A Look at Cloud Business Technologies, Past and FutureFebruary 28, 2014 No Comments
The cloud has been one of the most prolific buzzwords in business for several years, ever since the concept first debuted. Some detractors believed the cloud would be a passing fad, but the reality has cemented the remote technology-as-a-service idea as a staple of business implementation. Today, most businesses turn to the cloud for everything from document hosting to workforce management. A little over a year ago, Deputy published a blog listing essential cloud platforms. How right were the predictions, and what’s considered essential to businesses today?
Trello was hitting its stride at the end of 2012, with the million-user mark reached right at the turn of the year. The company has continued to expand, and during the last year introduced a business class set of features specifically designed for business infrastructure. It’s certainly a useful cloud service, so Deputy is right on the money.
Billed as beautiful accounting software, Xero has more than lived up to its reputation. The cloud-based accounting suite can hardly be considered a failure when Forbes cites it as a massive success. Xero didn’t just revolutionize a segment of the industry; it changed the way the industry was utilized.
Evernote has a very well defined niche as a general note-taking app based in the cloud. For some people, it’s near essential for daily life. For others, it doesn’t do a whole lot. The app is highly dependent on the needs of the person, so it doesn’t seem to be recommended as a business necessity very often. Even so, the app is an unbridled success. It’s just more successful in the public realm than it is in the business world.
Google Docs strives to supplant Microsoft Office as the leading word processor, and as a cloud-based solution, it gains some powerful use in business. As part of Google Drive, however, the app has received a mixed reputation. Some businesses love it; others prefer to use more traditional resources. Microsoft debuting Office 365 with connected SkyDrive power makes the choice simple for some businesses as well.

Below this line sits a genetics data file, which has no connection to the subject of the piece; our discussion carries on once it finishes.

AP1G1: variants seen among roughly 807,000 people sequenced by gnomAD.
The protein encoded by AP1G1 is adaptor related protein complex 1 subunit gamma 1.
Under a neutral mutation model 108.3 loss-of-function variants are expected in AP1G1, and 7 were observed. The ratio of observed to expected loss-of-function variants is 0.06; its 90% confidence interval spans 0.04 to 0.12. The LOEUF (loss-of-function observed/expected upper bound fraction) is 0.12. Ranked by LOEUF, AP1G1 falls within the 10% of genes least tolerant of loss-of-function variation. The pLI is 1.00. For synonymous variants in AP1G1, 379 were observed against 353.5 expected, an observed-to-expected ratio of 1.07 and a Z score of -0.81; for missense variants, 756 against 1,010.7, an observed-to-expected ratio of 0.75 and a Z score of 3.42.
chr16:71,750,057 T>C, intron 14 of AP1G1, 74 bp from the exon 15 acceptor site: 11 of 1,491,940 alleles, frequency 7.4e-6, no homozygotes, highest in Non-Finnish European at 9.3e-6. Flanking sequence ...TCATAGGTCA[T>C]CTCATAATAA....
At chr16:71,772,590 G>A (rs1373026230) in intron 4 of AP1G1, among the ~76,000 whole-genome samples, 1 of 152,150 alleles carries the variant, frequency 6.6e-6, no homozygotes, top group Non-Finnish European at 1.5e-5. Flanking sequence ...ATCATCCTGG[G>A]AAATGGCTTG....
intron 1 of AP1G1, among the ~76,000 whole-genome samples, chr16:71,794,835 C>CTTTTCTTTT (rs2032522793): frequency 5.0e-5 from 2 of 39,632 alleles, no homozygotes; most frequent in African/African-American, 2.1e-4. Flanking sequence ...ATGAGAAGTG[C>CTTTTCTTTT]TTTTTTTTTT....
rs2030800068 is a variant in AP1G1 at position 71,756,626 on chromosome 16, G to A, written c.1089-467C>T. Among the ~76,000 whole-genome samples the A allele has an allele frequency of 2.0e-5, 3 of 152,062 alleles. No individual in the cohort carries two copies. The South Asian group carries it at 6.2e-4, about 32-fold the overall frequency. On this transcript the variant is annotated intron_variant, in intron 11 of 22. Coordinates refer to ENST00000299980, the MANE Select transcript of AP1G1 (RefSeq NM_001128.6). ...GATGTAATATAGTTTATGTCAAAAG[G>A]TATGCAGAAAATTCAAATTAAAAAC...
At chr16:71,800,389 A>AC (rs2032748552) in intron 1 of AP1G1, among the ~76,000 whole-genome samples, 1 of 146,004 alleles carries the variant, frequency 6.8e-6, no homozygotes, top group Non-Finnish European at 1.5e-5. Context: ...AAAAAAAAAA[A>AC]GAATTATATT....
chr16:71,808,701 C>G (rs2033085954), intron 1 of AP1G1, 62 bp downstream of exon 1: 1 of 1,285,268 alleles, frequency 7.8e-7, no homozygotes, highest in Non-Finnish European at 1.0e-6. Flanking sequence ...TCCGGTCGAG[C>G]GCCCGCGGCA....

Deputy rightly predicted several powerful business cloud services, but what else is out there today? How is the cloud going to evolve over the coming year? Consider the five trends put forth by this article on Biz Technology Solutions.
Hybrid Cloud Solutions
No one app typifies this tread; rather, most platforms will tend towards a hybrid model. Large businesses can afford their own private clouds, but most small and medium businesses will choose from what’s available in the public and hybrid sphere. There will be a general move away from full public clouds for security reasons — too many high-profile data breaches have scared the industry in the last year. Online timesheet tracking, for example, is a good service to hide behind a private cloud.
Value Added Services
This one is already happening, though the line is hard to draw. What’s the difference between a cloud storage solution and a cloud storage solution with recover options? What should be considered standard for a type of cloud service, and what is an added value extra? 2014 will be a year of cloud-based arms races, with cloud providers looking to come up with extra value for businesses that their competitors don’t offer.
The increasing availability of cloud storage is more or less a given. Major hard drive manufacturers have announced compact six terabyte drives, which will bring down the cost on smaller storage devices. Cloud storage is expensive partly from the cost of hardware and partly from the upkeep. Competition in the field will lead to some expensive companies offering a host of added value services — such as Box.net — and some cheap companies offering little more than massive volumes of storage.
Of course the cloud is going to grow. There’s no real limit to the power of the cloud. Small businesses don’t have the space or the budget to do everything in-house like they used to have to. Cloud services, particularly cheap services with the right balance of added-value features, will become the foundation of new small businesses and a primary enabler for medium-sized business growth.
Targeting the Problem
The real change for cloud services in the coming year is going to be how they target their customers. Many cloud services, especially many of the earlier companies, market to a specific type of business. They say, “This cloud infrastructure is designed for mid-sized businesses and scales as your business grows.” Cloud providers are increasingly realizing, however, that the type of business doesn’t matter. What matters is the problem being solved. A company using the cloud to provide time and attendance records can work equally well with a new small business as with a large multinational corporation. It’s a matter of solving the problem for everyone.